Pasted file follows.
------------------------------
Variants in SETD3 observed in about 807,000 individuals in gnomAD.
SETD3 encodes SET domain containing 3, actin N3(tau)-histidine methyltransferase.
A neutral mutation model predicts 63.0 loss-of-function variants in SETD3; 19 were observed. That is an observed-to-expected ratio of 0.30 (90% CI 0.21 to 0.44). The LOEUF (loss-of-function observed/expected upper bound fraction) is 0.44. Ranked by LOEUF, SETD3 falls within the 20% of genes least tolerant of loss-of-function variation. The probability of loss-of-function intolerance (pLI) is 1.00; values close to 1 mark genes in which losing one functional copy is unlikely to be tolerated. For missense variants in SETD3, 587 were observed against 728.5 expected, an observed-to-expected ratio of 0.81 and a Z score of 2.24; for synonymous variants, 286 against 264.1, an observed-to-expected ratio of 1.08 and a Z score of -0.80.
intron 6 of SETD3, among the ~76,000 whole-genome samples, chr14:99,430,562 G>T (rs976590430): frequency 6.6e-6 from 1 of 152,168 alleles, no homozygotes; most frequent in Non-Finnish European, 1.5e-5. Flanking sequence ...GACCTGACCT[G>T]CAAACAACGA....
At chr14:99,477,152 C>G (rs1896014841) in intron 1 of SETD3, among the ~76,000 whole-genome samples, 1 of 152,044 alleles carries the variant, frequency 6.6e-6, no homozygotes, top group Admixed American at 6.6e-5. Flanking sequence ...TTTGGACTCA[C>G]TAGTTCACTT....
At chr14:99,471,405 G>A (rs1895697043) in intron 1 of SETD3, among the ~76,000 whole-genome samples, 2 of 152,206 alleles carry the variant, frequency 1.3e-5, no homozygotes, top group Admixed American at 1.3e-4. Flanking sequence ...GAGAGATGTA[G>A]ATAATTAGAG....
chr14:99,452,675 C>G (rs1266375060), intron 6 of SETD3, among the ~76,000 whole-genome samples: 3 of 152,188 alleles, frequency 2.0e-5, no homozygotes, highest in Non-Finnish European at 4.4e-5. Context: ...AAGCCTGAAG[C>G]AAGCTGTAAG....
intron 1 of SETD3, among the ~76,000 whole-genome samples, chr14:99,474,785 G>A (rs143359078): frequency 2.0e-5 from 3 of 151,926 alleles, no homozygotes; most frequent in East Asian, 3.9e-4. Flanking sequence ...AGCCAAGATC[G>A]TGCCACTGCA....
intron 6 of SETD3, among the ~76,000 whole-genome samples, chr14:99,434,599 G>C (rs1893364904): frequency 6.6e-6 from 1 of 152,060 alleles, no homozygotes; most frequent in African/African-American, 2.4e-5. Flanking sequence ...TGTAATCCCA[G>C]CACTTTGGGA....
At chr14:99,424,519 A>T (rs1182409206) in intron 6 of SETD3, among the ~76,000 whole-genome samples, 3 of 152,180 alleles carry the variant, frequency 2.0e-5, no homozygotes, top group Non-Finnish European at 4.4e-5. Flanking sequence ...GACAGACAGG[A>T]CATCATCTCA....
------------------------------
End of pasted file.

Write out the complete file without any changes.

Variants in SETD3 observed in about 807,000 individuals in gnomAD.
SETD3 encodes SET domain containing 3, actin N3(tau)-histidine methyltransferase.
A neutral mutation model predicts 63.0 loss-of-function variants in SETD3; 19 were observed. That is an observed-to-expected ratio of 0.30 (90% CI 0.21 to 0.44). The LOEUF (loss-of-function observed/expected upper bound fraction) is 0.44. Ranked by LOEUF, SETD3 falls within the 20% of genes least tolerant of loss-of-function variation. The probability of loss-of-function intolerance (pLI) is 1.00; values close to 1 mark genes in which losing one functional copy is unlikely to be tolerated. For missense variants in SETD3, 587 were observed against 728.5 expected, an observed-to-expected ratio of 0.81 and a Z score of 2.24; for synonymous variants, 286 against 264.1, an observed-to-expected ratio of 1.08 and a Z score of -0.80.
intron 6 of SETD3, among the ~76,000 whole-genome samples, chr14:99,430,562 G>T (rs976590430): frequency 6.6e-6 from 1 of 152,168 alleles, no homozygotes; most frequent in Non-Finnish European, 1.5e-5. Flanking sequence ...GACCTGACCT[G>T]CAAACAACGA....
At chr14:99,477,152 C>G (rs1896014841) in intron 1 of SETD3, among the ~76,000 whole-genome samples, 1 of 152,044 alleles carries the variant, frequency 6.6e-6, no homozygotes, top group Admixed American at 6.6e-5. Flanking sequence ...TTTGGACTCA[C>G]TAGTTCACTT....
At chr14:99,471,405 G>A (rs1895697043) in intron 1 of SETD3, among the ~76,000 whole-genome samples, 2 of 152,206 alleles carry the variant, frequency 1.3e-5, no homozygotes, top group Admixed American at 1.3e-4. Flanking sequence ...GAGAGATGTA[G>A]ATAATTAGAG....
chr14:99,452,675 C>G (rs1266375060), intron 6 of SETD3, among the ~76,000 whole-genome samples: 3 of 152,188 alleles, frequency 2.0e-5, no homozygotes, highest in Non-Finnish European at 4.4e-5. Context: ...AAGCCTGAAG[C>G]AAGCTGTAAG....
intron 1 of SETD3, among the ~76,000 whole-genome samples, chr14:99,474,785 G>A (rs143359078): frequency 2.0e-5 from 3 of 151,926 alleles, no homozygotes; most frequent in East Asian, 3.9e-4. Flanking sequence ...AGCCAAGATC[G>A]TGCCACTGCA....
intron 6 of SETD3, among the ~76,000 whole-genome samples, chr14:99,434,599 G>C (rs1893364904): frequency 6.6e-6 from 1 of 152,060 alleles, no homozygotes; most frequent in African/African-American, 2.4e-5. Flanking sequence ...TGTAATCCCA[G>C]CACTTTGGGA....
At chr14:99,424,519 A>T (rs1182409206) in intron 6 of SETD3, among the ~76,000 whole-genome samples, 3 of 152,180 alleles carry the variant, frequency 2.0e-5, no homozygotes, top group Non-Finnish European at 4.4e-5. Flanking sequence ...GACAGACAGG[A>T]CATCATCTCA....